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NIGB;RIAN INTERGOVERNIEl'TAL FIMAMCIAL RELATION.SIIIPr;
— FROM ILDEPEtlDENCE TO THE 1966 COUPS D'ETAT

26^-67 )

Walter L. Ness, Jr.



rfce!ve:o
UN 26 1967






Dewey
^Vss. INST, r,,




Introduction

A substantial part of the exercise of political art centers
around the division of the tax burden and allocation of public expend-
iture among the various income groups, occupational classes, geograph-
ical areas, and ethnic groups comprising a nation. Unsatisfactory
performance of this task may lead to pressures for a change in govern-
ment or for a change in the form of government by democratic or violent
means. This paper will examine (1) the financial federal structure of
Nigeria to see what considerations have determined the structure of
public finance in that country and (2) how the use and manipulation of
that structure have affected the expansion of expenditure by the Federal
Government and four Regional Governments of that African nation. Our
primary interest will be in the period of official African rule^ from
Independence as of October 1, I960, to the military coups in 1966»
Nigeria entered nationhood with political power centered in three
political parties, each being preeminent in one regions the Northern
Peoples' Congress in the North, the Action Group in the West and the
National Council of Nigeria and the Cameroons in the East. The dominant
people of each region differed from the major groups of the others in
language, religion, stages of economic and educational development,
degree of centralization in society, etc. Regional leaders were fre-
quently fearful of risking their political fortunes in the naw national
government where relationships and dominance were less assured than in



1752244



their seemingly secure regional fortresses. In addition, in drawing up
a national constitution. Regional Governraents were granted substantial
powers while the Federal Government was weaker than in most other
African nations. The political process that led to Nigerian nationhood
is described in books by Coleman and Schwarz. The revenue system that
developed in Nigeria was, of course, a function of these political forces.
The best description of the evolution of the Nigerian intergovernmental
financial relationships before Independence is given in Okigbo's recent
book.

In the first section of this paper, we shall examine the fiscal
structure which Nigeria had inherited and achieved at the time of
Independence. The structure of the financial relationships between the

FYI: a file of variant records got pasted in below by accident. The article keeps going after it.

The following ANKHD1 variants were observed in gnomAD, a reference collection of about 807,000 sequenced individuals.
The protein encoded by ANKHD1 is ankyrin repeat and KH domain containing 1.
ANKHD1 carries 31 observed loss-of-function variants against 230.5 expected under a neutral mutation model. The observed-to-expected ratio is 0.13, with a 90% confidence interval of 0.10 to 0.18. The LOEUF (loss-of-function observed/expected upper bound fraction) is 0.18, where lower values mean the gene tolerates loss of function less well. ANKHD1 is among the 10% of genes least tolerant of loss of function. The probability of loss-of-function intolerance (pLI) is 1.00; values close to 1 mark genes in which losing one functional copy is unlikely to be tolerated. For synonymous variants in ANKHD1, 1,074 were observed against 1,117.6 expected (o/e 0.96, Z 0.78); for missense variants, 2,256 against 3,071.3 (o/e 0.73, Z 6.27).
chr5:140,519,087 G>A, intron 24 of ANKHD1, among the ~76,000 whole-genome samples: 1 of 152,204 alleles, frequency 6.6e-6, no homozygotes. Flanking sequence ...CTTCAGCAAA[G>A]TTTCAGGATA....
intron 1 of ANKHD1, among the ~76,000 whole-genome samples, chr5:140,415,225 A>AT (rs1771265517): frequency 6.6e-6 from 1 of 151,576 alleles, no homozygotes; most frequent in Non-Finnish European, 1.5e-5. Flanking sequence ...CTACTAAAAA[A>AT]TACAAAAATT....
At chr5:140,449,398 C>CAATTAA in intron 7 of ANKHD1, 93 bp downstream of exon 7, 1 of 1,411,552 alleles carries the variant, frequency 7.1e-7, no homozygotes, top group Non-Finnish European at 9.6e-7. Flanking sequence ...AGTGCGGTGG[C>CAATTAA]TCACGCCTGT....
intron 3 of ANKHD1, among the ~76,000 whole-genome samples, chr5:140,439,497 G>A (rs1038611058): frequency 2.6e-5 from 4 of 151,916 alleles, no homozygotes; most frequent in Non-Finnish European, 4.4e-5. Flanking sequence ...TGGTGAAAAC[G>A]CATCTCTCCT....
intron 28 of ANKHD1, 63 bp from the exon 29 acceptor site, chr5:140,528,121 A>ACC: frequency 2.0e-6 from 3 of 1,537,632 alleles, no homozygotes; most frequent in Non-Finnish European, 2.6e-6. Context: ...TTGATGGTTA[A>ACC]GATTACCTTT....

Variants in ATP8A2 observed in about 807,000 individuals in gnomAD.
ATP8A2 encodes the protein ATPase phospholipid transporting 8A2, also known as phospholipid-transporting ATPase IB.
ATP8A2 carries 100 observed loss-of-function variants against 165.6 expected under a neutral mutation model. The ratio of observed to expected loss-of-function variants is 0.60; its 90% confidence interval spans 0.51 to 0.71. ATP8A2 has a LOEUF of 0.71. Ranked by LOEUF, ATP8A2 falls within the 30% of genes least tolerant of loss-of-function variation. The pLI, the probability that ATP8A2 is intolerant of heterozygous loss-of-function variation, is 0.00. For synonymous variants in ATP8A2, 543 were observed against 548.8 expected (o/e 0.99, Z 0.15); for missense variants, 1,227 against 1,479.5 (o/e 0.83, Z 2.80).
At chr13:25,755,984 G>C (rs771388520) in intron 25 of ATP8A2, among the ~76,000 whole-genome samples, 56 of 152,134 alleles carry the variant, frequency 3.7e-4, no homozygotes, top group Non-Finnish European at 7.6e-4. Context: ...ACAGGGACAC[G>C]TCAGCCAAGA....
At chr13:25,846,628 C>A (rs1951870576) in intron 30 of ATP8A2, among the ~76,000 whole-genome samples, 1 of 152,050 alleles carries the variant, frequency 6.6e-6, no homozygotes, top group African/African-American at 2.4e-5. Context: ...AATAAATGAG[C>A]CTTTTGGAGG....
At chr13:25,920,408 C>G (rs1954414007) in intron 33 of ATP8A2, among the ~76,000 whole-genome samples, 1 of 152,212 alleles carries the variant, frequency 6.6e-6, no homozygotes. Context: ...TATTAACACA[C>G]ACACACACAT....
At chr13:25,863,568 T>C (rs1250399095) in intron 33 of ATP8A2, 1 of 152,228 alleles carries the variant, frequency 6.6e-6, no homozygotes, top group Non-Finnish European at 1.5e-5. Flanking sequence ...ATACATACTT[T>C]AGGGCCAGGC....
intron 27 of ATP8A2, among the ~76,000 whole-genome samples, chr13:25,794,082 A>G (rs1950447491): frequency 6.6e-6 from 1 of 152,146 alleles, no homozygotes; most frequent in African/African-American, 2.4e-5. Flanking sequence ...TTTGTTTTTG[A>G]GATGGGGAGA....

Federal and Regional governments was based on the recommendations of the
Raisman Commission and was given in the Nigerian Independence Constitu-
tion, Although the emphasis of this paper will be on the Federal-Regional
relationships, a brief description of the financial relationships of the
Northern Regional government and its Native Authorities will also be
given to illustrate the financial status of local government in Nigeria,



1
James S„ Coleman, Nigeria? Background to Nationalism , University

of California, Berkeley and Los Angeles^ -1958 ; and FoA,0, Schwarz, Jr,,

Nigeria; The Tribes. The Nation, or the Race , M„I.T. Press, Cambridge,

2

Pius N, C, Okigbo^ Nigerian Public Finance „ Northwestern Univer-
sity Press, Evanston, 1965, PP» 5~^9*



QUALITY CONTROL M»„k



Section II will examine the various points at which the financial
structure as established in the Independence Constitution has been ques-
tioned, at which the Constitution left considerable leeway for the work-
ing out of details to the administrative and political processes, and at
which ad hoc arrangements have been necessary. It will be shown that
the points of contention which will be discussed are of sufficient num-
ber and scope to vary the allocation of financial resources among the
governments of the Federation considerably from the distribution set
forth specifically in the Constitution, The importance of the resulting
flexibility in the Nigerian financial system will be commented upon
Section II also will describe the formation and proceedings of the 196^
Fiscal. Review Commission which was established to recommend upon the
appropriateness of the constitutional provisions which allocated certain
revenue sources among the governments. The desirability of such a com-
mission in the Nigerian political context will be considered as will the
Commission's recommendations. Section III will discuss what has happened
to each government's financial position in the post™ Independence period.
Noteworthy trends will be discussed. Finally, Section IV will present a
brief overview of how the Nigerian intergovernmental financial relation-
ships might be vie-wed from a systems approach.



I, The Fiscal Structure at Independence

(l) Federal-Regional Relationships

The fiscal structure which Nigeria possessed upon becoming inde=-
pendent on October 1, I960, had been in force since April„ 1959. It
resulted from the adoption by the Constitutional Conference of the